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Sep 14, 2018

Amazon’s Jeff Bezos launches a $2 billion ‘Day One Fund’ to help homeless families and create preschools

Posted by in categories: futurism, space travel

The fund will launch with a $2 billion commitment, split between the Day 1 Families Fund — helping homeless families — and the Day 1 Academies Fund — creating a “network of new, non-profit, tier-one preschools in low-income communities,” Bezos said.


As CEO of Amazon, founder of rocket company Blue Origin and owner of The Washington Post, Bezos is the wealthiest man in modern history, with a net worth of at least $150 billion.

Critics have long called for him to put his billions toward philanthropic efforts.

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Sep 14, 2018

What NASA satellites found around Typhoon Ompong’s eye

Posted by in category: satellites

Storms within a superstorm.

U.S. National Aeronautics and Space Administration (NASA) satellites tracking Typhoon Ompong (international name Super Typhoon Mangkhut) have found powerful storms surrounding the eye of the tropical cyclone days before its landfall over northern Luzon.

On September 13, the MODIS instrument on the Aqua satellite looked at Ompong in infrared as it was approaching the Philippines, NASA Goddard Space Flight Center’s Rob Gutro said in a blog post.

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Sep 14, 2018

Plants have their own kind of nervous system

Posted by in category: media & arts

https://www.youtube.com/attribution_link?a=BlRCHLwoCZA&u…ture=share

Model mustard plant uses the same signals as animals to relay distress.

Read more— https://scim.ag/2MsrniA

Read the research— https://scim.ag/2p4hTAE

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Sep 14, 2018

George Church talks about reversing human aging and claims they made mice live twice as long

Posted by in categories: biotech/medical, life extension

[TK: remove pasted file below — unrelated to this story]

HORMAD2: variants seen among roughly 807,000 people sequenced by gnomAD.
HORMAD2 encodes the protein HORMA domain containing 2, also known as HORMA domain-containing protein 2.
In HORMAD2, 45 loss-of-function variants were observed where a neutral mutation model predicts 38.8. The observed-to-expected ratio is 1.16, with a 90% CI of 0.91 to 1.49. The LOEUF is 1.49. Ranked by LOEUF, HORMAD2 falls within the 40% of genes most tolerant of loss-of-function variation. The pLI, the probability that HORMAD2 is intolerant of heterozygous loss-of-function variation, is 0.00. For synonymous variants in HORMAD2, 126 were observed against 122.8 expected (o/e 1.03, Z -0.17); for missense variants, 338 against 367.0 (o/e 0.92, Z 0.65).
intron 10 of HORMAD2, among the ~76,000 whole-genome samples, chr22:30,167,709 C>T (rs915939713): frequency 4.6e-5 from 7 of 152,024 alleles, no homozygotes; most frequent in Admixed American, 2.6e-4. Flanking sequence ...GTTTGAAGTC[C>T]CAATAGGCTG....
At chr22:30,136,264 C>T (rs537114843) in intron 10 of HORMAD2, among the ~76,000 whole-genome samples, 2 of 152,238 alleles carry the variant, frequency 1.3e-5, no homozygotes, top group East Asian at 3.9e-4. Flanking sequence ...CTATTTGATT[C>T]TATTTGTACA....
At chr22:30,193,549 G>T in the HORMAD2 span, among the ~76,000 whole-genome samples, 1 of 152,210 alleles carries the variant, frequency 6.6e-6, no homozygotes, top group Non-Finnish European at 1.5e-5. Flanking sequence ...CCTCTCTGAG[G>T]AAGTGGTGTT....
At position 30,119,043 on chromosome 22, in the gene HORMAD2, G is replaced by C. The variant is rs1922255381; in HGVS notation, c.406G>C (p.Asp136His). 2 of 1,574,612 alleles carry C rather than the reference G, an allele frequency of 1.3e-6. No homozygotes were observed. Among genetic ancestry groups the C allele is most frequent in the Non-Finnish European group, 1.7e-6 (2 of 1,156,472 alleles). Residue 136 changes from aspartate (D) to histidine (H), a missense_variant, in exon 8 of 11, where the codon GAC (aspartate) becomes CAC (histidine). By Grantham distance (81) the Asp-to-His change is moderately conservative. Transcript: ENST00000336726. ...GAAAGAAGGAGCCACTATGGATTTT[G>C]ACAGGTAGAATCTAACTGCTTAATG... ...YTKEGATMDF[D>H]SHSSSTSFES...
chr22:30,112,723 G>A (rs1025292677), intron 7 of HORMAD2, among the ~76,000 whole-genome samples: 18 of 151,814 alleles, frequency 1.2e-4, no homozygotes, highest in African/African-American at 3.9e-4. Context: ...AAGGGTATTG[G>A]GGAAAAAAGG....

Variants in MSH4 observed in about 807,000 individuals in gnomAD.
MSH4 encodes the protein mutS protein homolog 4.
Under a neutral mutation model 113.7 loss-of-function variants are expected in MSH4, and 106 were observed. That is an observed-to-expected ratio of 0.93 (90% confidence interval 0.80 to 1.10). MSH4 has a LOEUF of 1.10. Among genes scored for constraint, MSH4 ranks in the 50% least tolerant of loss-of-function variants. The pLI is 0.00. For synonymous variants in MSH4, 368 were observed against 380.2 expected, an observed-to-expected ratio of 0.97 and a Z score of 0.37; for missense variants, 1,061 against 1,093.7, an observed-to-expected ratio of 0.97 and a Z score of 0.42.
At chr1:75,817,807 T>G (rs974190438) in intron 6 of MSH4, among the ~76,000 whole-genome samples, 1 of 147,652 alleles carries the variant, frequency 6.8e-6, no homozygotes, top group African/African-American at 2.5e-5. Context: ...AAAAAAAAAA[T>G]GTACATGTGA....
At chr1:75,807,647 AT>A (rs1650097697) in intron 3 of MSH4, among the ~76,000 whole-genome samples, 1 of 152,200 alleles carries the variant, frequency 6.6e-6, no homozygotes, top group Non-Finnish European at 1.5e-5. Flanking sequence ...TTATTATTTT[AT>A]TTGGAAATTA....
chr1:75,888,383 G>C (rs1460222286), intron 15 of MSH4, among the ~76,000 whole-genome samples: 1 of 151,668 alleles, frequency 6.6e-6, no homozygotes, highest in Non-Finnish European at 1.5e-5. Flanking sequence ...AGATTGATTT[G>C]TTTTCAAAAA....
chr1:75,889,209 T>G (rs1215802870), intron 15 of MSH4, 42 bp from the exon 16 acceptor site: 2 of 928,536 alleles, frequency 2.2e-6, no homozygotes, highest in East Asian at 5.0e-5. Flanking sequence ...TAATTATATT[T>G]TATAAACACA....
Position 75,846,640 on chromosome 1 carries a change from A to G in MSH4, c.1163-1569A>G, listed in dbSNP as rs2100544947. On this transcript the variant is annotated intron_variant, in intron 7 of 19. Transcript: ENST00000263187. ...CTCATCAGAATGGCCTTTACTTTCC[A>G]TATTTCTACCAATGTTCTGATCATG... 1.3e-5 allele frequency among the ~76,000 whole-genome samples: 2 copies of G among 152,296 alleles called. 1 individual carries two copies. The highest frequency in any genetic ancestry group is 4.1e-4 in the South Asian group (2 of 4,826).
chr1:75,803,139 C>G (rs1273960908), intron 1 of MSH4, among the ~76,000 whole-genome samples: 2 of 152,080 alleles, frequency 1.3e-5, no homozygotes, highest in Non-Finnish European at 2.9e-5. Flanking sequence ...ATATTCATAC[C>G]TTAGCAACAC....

He says this has been done successfully with mice. They have mice live twice as long. They are testing aging reversal in dogs in 2018–2019. Human treatments could be available on a general basis by 2025.


George Church is developing better and better organs using pigs. They are working to slow or reverse the aging in the organs to be used for transplant.

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Sep 14, 2018

Ultrasound patch goes deep to better-monitor blood pressure

Posted by in category: biotech/medical

Earlier this year, we heard how scientists from the University of California San Diego had developed a flexible ultrasound patch that allows users to see the inner structure of irregular-shaped objects. Well, now they’ve made one that measures a patient’s blood pressure from deep within the body.

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Sep 13, 2018

Physicists plan hunt for Higgs boson pairs

Posted by in category: particle physics

![Figure][1]

The giant CMS detector at the Large Hadron Collider will search for double-Higgs events.

IMAGE: MICHAEL HOCH AND MAXIMILIEN BRICE

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Sep 13, 2018

NASA picked this West African country to find out more about an asteroid in outer space

Posted by in categories: security, space

A few factors were taken into consideration. These included security conditions, climatic conditions at that time of year, the existence of potential scientific partners, and what facilities were available.